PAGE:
The prevalence of hypogonadism in HIV-infected patients is still a matter of debate as there is no standardized consensual diagnostic method. In addition, the etiology and endocrine/metabolic implications of hypogonadism in this population remain controversial. This study aims to determine the prevalence of testosterone deficiency in a single-site hospital and to evaluate its association with potential risk factors, lipodystrophy, metabolic syndrome, and cardiovascular risk.
This study analyzed 245 HIV-infected men on combined antiretroviral therapy. Patients with low total testosterone (TT) levels (<2.8 ng/mL) and/or low calculated free testosterone (FT) levels (<6.5 ng/dL) were considered testosterone deficient. According to their LH and FSH levels, patients were classified as having hypogonadotropic or hypergonadotropic dysfunction. Other clinical, anthropometric, and analytic parameters were also collected and analyzed. RESULTS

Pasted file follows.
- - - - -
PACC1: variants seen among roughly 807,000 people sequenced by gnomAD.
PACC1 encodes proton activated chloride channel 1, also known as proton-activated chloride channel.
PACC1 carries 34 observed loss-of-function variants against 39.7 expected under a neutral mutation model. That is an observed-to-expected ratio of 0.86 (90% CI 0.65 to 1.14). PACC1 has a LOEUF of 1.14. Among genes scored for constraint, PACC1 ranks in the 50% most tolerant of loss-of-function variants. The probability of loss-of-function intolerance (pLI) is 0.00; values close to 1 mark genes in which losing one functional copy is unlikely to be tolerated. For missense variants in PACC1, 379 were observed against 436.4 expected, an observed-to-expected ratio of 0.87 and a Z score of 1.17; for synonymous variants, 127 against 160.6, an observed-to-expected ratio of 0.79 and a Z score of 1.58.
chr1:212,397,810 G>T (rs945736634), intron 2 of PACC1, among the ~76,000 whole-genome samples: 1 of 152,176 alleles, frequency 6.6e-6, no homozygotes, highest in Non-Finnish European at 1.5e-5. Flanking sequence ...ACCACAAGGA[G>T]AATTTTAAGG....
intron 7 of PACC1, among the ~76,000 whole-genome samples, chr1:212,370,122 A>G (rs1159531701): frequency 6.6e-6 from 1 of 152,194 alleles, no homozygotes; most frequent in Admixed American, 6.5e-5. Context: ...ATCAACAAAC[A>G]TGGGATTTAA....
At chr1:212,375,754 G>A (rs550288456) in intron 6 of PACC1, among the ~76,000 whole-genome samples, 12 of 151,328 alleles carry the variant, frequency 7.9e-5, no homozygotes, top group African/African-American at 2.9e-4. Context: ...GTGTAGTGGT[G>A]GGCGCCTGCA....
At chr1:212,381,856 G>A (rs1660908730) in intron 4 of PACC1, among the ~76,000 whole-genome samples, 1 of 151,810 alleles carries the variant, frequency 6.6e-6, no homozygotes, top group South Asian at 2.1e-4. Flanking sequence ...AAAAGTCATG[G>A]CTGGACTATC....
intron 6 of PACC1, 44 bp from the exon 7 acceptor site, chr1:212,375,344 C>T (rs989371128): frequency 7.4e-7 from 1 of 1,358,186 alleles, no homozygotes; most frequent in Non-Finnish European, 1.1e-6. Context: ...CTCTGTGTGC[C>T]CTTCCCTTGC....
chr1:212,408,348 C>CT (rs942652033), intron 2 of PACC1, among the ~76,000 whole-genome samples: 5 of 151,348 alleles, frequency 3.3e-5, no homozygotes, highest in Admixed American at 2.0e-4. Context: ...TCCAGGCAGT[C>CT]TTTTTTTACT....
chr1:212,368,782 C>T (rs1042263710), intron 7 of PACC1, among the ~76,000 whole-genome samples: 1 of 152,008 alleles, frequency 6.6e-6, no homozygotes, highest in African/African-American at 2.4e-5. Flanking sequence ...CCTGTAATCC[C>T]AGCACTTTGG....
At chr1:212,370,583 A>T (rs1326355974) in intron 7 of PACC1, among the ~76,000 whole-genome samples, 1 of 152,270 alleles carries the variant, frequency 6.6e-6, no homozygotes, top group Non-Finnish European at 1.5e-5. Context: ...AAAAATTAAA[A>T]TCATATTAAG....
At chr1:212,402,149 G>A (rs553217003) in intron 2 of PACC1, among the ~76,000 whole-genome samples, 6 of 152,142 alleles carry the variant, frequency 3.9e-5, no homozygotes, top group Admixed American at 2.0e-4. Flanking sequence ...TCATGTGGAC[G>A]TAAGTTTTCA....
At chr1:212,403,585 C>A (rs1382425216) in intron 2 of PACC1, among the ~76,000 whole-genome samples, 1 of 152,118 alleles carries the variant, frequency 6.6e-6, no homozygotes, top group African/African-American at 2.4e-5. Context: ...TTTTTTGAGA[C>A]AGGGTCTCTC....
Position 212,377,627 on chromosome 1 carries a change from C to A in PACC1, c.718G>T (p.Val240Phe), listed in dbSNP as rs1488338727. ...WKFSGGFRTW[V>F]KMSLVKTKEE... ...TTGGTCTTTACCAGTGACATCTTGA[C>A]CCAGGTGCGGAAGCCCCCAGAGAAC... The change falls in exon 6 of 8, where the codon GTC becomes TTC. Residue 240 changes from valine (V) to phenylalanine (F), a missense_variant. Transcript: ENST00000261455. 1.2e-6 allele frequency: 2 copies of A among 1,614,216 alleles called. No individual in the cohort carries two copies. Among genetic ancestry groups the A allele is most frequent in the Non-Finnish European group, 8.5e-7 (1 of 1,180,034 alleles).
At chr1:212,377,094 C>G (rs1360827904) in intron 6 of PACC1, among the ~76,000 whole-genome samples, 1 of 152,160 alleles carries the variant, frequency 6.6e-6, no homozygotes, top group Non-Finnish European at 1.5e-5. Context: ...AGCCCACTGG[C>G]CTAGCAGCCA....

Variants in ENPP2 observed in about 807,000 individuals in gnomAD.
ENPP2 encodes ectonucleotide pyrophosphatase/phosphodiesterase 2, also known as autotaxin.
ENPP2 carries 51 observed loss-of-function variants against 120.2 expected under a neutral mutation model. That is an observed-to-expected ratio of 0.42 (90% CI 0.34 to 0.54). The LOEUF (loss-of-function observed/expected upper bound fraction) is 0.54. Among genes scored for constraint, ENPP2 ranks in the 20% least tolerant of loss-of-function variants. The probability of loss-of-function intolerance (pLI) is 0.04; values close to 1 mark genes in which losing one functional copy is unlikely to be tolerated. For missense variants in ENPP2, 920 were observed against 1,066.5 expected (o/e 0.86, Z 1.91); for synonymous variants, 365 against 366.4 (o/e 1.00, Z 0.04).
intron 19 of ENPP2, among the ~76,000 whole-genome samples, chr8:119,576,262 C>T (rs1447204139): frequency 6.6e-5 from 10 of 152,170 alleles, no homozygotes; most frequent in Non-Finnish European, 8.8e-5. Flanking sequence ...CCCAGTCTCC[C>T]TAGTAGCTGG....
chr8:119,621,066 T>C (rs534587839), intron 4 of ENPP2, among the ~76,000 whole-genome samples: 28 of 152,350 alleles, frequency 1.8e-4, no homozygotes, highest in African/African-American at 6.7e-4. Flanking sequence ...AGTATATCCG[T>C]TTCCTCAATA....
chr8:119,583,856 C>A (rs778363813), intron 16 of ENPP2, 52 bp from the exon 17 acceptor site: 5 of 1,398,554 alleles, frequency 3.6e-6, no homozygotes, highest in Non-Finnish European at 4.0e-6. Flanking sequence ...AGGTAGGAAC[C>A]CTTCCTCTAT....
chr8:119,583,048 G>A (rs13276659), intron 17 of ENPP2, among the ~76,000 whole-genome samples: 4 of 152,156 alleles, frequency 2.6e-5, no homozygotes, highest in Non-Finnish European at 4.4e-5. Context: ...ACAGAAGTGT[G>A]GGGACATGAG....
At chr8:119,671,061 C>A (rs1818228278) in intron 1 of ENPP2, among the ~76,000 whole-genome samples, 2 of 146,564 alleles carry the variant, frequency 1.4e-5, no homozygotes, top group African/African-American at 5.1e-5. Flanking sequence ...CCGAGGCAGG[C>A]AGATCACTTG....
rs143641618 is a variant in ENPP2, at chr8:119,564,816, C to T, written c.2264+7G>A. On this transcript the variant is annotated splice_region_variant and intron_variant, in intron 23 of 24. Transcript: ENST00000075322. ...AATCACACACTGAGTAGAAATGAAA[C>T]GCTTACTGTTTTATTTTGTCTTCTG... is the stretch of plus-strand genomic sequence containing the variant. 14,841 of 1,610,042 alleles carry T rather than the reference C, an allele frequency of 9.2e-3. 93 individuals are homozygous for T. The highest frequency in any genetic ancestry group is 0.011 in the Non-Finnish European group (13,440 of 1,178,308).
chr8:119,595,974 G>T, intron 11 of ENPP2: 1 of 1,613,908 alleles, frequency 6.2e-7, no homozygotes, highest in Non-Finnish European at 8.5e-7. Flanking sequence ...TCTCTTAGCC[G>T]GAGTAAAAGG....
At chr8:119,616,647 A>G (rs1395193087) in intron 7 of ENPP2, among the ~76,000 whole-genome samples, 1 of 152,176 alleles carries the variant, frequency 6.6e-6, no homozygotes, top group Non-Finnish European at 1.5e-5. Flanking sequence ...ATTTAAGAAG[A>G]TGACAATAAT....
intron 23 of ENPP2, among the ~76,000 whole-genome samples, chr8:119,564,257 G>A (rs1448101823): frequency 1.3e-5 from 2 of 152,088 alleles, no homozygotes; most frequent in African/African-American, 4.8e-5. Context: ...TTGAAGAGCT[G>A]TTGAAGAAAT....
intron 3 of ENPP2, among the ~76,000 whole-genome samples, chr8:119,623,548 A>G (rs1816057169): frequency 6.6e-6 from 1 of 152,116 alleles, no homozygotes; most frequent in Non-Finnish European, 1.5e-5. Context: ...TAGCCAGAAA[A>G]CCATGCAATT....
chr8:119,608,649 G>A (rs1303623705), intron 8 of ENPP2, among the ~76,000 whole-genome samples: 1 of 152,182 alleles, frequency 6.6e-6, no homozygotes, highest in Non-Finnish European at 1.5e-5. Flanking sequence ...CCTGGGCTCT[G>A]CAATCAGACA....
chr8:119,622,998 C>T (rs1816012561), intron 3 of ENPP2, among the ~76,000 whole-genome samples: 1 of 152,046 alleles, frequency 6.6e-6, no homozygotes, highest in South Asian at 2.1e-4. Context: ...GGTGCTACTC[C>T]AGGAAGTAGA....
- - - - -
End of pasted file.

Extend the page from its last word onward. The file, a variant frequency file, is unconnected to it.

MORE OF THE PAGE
The prevalence of testosterone deficiency in our population was 29.4 %. Among them, 56.9 % had hypogonadotropic dysfunction and 43.1 % presented with hypergonadotropic dysfunction. Patients with testosterone deficiency were older (p < 0.001), had higher HbA1c levels (p = 0.016) and higher systolic blood pressure (p = 0.007). Patients with lower testosterone levels had higher prevalence of isolated central fat accumulation (p = 0.015) and had higher median cardiovascular risk at 10 years as measured by the Framingham Risk Score (p = 0.004) and 10-Year ASCVD risk (p = 0.002). CONCLUSIONS
The prevalence of testosterone deficiency in this HIV population is high, with hypogonadotropic dysfunction being responsible for the majority of cases. Testosterone deficiency might predispose to, or be involved, in the pathogenesis of HIV-associated lipodystrophy. Patients with low testosterone levels have higher cardiovascular risk, highlighting the importance of early diagnosis of this condition.